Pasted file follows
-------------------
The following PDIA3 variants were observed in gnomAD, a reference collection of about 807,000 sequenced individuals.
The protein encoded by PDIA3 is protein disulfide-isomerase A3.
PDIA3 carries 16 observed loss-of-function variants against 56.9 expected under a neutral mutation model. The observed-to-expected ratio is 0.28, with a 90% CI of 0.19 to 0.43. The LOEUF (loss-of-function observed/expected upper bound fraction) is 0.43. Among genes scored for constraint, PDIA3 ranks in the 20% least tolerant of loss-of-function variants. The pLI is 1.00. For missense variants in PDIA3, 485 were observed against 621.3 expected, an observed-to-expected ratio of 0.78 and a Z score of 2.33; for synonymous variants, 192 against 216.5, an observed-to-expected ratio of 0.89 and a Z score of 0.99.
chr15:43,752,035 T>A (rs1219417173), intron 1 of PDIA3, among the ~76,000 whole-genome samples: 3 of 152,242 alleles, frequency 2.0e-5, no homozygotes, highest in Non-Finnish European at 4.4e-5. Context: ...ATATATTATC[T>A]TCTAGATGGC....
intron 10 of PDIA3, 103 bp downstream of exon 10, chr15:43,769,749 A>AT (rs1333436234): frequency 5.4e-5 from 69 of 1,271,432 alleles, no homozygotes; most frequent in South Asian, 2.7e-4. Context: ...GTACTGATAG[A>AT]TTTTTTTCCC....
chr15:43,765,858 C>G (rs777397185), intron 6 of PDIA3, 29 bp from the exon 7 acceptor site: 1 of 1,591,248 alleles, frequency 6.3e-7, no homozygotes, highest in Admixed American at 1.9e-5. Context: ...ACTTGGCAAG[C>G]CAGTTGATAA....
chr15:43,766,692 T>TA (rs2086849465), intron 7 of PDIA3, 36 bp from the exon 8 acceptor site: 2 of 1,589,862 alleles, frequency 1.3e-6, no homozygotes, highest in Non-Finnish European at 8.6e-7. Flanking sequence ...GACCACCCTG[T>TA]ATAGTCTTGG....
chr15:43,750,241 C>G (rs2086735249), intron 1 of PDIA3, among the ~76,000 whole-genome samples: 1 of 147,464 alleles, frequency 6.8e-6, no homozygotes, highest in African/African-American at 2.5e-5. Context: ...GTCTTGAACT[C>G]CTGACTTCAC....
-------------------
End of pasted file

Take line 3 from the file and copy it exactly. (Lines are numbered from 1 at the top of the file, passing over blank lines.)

PDIA3 carries 16 observed loss-of-function variants against 56.9 expected under a neutral mutation model. The observed-to-expected ratio is 0.28, with a 90% CI of 0.19 to 0.43. The LOEUF (loss-of-function observed/expected upper bound fraction) is 0.43. Among genes scored for constraint, PDIA3 ranks in the 20% least tolerant of loss-of-function variants. The pLI is 1.00. For missense variants in PDIA3, 485 were observed against 621.3 expected, an observed-to-expected ratio of 0.78 and a Z score of 2.33; for synonymous variants, 192 against 216.5, an observed-to-expected ratio of 0.89 and a Z score of 0.99.